10 Tips to create a Professional CV
Tips to help you create a successful, professional, polished CV
Research the Company
Research the company you are applying to and check their website. In particular research the role you are applying for and the people in that company working in that area.
Have a good CV template
Include the following;
- Your name, address, contact details and LinkedIn profile
- A Personal Statement
- Work Experience
- Educational History
- Courses and Training
- Extra-Curricular activities/Hobbies
Get a second opinion
Get a second opinion. When you spend a lot of time trying to get your CV perfect, it is easy to miss mistakes. Get the person looking at your CV to check it for spelling and grammar errors, and give them the job description to refer to.
Take a break
Once you think you CV is ready, take a break. Even if you think it is good to go, it is always a good idea to let it rest for a while. Take a coffee break, then come back to it with fresh eyes. Edit for clarity, use plenty of white space and bullets, and aim to keep your CV to two sides of A4.
Include key words and abbreviations
Include keywords in a CV because Applicant Tracking Systems often check job applications. When you send your CV online, these systems can filter out up to 50% of applications before anyone opens the CV or cover letter. By using keywords and abbreviations, you can double your chances of getting through and having your CV checked by a pair of human eyes.
Print out CV and review
Print out your curriculum vitae before sending it. Make sure it looks well on paper, and that no important information gets cut off.
Back up your achievements
If you make any big claims on your CV, it is important to back them up. For example if you said that you are an excellent salesperson, prove it; include some figures from a previous job. Quantifying your achievements shows the impact of your work and makes an impressive CV.
Spell check your CV
Spellcheck your CV. One of the most common reasons people get ruled out for jobs is because their CV has mistakes. Do not rely on the computer spellchecker. This will not always catch everything, like company names.
Only include relevant social media on your CV
If you are including social media on your CV, make sure the profiles reflect you well. They should be relevant and professional, like your LinkedIn profile. Be aware that even if you do not include your social media on your CV, it is only a Google search away. Make sure anything you do not want prospective employers to see is kept private.
Being well prepared for an interview is half the battle. Here are some valuable tips that can help you nail that job!
Do your research-know the Company
One would assume you have done research on the company already, otherwise, why would you be applying for the job? A lot of interviewers will ask what you know about the company. It is their way of finding out how much interest you have in working for their company.
Most large companies will have a detailed section on their website about the company, comprising of various headings; history, size, locations, structure, culture and share price, (if they are a limited company).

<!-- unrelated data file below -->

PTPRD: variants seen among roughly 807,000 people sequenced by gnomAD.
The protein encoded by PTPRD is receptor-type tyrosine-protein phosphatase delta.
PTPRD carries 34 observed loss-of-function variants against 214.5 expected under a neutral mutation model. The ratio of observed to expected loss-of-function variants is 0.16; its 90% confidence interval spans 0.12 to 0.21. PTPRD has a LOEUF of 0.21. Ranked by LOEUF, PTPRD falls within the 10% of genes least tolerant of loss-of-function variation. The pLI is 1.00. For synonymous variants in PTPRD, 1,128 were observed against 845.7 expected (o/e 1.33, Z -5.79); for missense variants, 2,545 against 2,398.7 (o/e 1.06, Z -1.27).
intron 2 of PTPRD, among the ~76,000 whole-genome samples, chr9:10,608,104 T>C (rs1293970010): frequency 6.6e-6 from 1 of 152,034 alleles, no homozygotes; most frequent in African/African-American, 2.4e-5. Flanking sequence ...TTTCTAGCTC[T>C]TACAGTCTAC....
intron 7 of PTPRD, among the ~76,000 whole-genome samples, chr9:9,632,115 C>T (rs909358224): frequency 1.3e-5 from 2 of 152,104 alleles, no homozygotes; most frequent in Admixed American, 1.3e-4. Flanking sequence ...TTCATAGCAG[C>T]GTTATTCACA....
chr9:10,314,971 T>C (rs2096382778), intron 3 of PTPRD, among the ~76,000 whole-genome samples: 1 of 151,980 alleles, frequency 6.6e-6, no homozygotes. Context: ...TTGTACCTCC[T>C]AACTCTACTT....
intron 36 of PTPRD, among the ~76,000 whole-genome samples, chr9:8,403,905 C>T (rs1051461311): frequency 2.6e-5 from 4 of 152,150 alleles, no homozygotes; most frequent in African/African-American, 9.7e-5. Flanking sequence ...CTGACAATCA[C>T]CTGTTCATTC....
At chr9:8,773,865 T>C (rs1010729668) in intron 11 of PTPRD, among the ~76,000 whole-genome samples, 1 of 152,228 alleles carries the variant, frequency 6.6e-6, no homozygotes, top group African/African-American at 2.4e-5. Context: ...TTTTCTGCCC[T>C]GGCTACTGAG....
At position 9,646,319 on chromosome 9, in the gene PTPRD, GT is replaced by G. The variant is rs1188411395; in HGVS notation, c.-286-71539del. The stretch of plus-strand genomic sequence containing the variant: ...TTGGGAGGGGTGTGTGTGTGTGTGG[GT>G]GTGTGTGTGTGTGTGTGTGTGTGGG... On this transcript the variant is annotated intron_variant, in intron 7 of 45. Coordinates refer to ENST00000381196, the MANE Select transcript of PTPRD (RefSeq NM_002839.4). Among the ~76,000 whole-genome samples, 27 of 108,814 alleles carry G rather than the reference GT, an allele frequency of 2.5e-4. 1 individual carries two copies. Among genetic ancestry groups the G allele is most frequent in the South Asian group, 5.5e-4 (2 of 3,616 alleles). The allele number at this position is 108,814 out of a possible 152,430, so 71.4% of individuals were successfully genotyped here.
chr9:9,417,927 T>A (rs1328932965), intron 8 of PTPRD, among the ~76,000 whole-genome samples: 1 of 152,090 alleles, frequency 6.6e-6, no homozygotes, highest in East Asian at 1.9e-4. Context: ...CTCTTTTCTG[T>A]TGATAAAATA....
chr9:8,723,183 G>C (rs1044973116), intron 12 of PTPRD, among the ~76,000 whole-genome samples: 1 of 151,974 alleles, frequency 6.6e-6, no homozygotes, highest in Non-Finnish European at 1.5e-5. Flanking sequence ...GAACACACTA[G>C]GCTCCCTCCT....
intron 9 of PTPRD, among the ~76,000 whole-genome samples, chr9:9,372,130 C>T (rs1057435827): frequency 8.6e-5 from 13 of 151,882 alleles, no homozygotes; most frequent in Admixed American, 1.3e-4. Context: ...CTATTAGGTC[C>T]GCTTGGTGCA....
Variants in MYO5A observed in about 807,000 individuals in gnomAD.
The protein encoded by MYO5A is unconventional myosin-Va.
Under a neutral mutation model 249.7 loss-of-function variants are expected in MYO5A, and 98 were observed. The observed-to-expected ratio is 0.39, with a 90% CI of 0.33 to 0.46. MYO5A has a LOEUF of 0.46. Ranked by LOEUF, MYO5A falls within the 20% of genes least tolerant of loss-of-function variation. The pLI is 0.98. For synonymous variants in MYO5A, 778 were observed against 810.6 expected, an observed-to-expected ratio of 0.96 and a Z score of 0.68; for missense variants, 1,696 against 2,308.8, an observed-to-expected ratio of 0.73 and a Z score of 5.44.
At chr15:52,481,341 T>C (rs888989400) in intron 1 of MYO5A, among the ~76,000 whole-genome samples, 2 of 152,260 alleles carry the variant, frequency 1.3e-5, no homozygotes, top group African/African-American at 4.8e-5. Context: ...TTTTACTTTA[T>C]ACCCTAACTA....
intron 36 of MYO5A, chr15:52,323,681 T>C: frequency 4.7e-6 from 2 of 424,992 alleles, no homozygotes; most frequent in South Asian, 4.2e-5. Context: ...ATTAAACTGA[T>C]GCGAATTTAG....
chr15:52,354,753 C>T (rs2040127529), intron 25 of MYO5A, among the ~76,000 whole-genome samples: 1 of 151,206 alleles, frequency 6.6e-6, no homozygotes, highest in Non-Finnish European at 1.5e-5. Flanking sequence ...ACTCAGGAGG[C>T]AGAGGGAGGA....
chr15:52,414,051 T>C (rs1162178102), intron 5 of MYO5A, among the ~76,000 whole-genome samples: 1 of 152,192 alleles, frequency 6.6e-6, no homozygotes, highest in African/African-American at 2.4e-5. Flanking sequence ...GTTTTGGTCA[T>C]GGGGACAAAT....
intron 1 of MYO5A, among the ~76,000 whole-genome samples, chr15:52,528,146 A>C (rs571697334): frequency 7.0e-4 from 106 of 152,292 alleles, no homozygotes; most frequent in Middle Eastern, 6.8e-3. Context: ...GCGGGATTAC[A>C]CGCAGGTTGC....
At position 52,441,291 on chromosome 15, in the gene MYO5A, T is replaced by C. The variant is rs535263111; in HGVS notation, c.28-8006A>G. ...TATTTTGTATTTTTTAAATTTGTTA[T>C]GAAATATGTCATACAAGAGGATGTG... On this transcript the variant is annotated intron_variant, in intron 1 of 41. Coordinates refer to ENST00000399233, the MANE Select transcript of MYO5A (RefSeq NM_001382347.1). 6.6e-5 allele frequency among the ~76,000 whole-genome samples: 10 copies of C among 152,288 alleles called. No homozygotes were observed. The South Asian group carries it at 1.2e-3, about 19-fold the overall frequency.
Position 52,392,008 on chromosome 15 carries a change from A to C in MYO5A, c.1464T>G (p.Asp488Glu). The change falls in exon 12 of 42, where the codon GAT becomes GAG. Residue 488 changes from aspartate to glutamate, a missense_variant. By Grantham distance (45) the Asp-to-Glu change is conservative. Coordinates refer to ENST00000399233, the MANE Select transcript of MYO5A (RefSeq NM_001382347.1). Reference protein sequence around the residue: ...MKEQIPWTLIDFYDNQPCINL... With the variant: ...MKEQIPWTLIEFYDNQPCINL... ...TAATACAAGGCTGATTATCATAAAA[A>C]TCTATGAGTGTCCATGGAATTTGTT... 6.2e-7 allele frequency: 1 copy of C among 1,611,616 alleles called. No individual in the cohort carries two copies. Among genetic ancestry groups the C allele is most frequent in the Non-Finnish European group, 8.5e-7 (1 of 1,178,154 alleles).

You will not need to be able to recall it all, just show you have looked at it and understood most of it. What will really impress is if you can talk about company information you have found away from their website, like news, recent events, marketing or charitable/volunteer work for example.
Know your CV
This may sound obvious but you will be surprised how many people in an interview cannot remember how long they spent in a particular company or the details of their career history. This is the document that got you the interview and it is what the interviewer wants to know more about. If you have the ability to remember everything on your CV, great, otherwise, take a highlighter to mark your key achievements, important dates and figures and any other points, relevant to the particular role.
Ensure your LinkedIn profile matches your CV especially dates, key skills and experience.
Interviews can take varying styles; some can seem like informal chats, while others are more structured. You need to be prepared for both. By preparing answers for questions beforehand, you will be ahead and it will give you an opportunity to examine your CV the way that the interviewer will.
Assign Recruitment will assist you prepare for interview questions and answers, to ensure you can show your skills and experience in the best light.
Ensure you prepare answers for the “What is your biggest weakness?” question. Be honest and look at your “weakness” as a challenge. Talk about the steps you have taken to overcome your weakness, this shows you are proactive and resourceful enough to overcome them.
Avoid weaknesses that may stop you getting the job, for example, if you are applying for a job in hospitality, do not highlight a weakness as “not a people person”.
The first question is usually a request for a summary of your background. People applying for their first job should focus on extracurricular activities, education and qualifications.
It is quite acceptable to repeat major points you have outlined in your CV or cover letter. It is important to show your personality at this point as employers are examining your skills along with how they feel you will fit into their team culture.
If you are involved in volunteer work mention the areas you have contributed to.
A specific question often asked is “Why do you think you are qualified for this position?”.
Qualifications, in this context, relates to all qualifications which could make you suitable for the position including educational, employment-related and personal.
In most cases, this may be the question that will win or lose you the job, so your answer needs to be clear and memorable. Review people on LinkedIn in the team you are applying for, review their experience and expertise and the terms they use to describe their responsibilities and achievements.